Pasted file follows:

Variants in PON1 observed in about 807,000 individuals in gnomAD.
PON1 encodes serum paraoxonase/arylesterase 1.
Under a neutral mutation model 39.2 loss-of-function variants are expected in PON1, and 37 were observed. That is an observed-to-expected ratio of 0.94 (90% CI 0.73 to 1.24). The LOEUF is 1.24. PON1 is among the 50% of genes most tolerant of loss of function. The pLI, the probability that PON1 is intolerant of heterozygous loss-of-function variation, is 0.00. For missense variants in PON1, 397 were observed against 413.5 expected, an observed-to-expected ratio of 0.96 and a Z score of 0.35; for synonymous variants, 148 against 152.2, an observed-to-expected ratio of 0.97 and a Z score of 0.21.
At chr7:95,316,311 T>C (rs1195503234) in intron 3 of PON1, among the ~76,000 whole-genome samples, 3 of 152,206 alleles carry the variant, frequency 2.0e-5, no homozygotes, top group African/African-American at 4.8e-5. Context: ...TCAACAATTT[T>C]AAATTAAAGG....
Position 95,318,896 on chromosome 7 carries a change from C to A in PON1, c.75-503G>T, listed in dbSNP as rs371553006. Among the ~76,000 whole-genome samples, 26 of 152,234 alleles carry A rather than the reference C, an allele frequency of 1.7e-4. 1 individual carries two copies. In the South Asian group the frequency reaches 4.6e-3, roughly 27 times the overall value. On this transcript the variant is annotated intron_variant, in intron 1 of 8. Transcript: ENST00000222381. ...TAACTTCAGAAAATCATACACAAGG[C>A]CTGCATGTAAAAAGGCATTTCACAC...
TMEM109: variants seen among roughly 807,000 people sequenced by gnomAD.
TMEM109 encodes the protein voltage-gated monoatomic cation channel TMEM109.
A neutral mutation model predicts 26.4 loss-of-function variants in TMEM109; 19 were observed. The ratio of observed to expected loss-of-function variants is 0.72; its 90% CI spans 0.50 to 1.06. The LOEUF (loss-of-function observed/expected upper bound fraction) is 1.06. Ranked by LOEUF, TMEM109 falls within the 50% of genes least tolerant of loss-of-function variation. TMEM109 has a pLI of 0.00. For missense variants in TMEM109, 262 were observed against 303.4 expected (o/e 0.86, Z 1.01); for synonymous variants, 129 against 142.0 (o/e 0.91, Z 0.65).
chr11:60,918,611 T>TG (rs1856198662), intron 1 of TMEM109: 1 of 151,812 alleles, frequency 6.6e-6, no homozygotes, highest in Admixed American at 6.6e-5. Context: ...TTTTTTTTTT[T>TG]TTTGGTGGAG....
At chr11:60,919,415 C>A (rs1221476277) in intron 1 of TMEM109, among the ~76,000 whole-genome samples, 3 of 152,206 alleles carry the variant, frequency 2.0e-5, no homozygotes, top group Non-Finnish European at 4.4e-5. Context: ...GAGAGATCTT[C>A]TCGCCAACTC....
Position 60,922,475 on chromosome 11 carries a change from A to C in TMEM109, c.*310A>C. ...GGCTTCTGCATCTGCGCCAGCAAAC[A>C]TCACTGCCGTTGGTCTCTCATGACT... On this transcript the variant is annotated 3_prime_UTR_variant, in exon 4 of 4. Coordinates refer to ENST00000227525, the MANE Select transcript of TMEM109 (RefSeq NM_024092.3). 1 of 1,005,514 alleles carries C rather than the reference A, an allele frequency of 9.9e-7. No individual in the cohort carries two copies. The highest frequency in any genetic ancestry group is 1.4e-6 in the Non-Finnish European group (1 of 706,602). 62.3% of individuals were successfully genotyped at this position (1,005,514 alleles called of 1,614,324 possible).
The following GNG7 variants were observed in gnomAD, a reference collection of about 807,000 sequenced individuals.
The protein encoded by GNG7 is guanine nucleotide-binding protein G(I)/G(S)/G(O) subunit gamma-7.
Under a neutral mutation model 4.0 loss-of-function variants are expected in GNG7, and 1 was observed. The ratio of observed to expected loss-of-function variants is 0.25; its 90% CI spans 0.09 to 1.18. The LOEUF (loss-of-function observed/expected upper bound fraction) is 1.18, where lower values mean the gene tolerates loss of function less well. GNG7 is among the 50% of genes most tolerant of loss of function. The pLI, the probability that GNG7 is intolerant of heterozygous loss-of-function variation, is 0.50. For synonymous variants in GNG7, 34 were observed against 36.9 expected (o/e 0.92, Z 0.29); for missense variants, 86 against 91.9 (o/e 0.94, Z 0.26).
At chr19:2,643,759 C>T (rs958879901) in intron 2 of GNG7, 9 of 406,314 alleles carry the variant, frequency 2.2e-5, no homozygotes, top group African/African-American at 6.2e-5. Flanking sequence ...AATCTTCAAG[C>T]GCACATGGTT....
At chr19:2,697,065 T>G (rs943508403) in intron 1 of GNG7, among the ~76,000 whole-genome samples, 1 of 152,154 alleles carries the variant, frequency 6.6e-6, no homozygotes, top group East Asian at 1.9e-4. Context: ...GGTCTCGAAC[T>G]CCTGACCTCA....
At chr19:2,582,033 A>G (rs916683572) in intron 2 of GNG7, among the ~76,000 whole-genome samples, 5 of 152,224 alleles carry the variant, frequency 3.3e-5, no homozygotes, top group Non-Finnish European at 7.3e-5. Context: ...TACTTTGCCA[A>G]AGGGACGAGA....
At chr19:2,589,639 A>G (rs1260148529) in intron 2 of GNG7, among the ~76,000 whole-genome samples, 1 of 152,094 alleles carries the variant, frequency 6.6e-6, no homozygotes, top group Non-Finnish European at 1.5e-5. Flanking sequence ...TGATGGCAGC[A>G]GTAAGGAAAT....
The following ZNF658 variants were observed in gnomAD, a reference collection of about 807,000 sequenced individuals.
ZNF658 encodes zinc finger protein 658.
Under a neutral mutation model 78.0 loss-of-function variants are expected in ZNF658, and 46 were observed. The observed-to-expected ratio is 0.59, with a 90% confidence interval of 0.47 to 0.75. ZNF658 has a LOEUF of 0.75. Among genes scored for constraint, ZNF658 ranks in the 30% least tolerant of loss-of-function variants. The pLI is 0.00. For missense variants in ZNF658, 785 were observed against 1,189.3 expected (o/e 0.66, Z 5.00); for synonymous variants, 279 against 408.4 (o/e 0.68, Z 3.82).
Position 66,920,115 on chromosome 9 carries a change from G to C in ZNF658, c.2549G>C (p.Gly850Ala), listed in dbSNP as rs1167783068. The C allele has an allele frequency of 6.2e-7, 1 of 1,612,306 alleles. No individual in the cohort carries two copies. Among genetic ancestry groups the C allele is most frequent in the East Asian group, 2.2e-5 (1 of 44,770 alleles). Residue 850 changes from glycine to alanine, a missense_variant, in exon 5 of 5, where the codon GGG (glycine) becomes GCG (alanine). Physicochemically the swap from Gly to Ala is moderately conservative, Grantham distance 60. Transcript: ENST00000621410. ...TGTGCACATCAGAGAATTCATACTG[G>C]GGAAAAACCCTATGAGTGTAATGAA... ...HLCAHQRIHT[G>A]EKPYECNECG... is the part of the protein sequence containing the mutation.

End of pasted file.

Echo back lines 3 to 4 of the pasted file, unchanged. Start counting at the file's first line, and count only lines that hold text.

Under a neutral mutation model 39.2 loss-of-function variants are expected in PON1, and 37 were observed. That is an observed-to-expected ratio of 0.94 (90% CI 0.73 to 1.24). The LOEUF is 1.24. PON1 is among the 50% of genes most tolerant of loss of function. The pLI, the probability that PON1 is intolerant of heterozygous loss-of-function variation, is 0.00. For missense variants in PON1, 397 were observed against 413.5 expected, an observed-to-expected ratio of 0.96 and a Z score of 0.35; for synonymous variants, 148 against 152.2, an observed-to-expected ratio of 0.97 and a Z score of 0.21.
At chr7:95,316,311 T>C (rs1195503234) in intron 3 of PON1, among the ~76,000 whole-genome samples, 3 of 152,206 alleles carry the variant, frequency 2.0e-5, no homozygotes, top group African/African-American at 4.8e-5. Context: ...TCAACAATTT[T>C]AAATTAAAGG....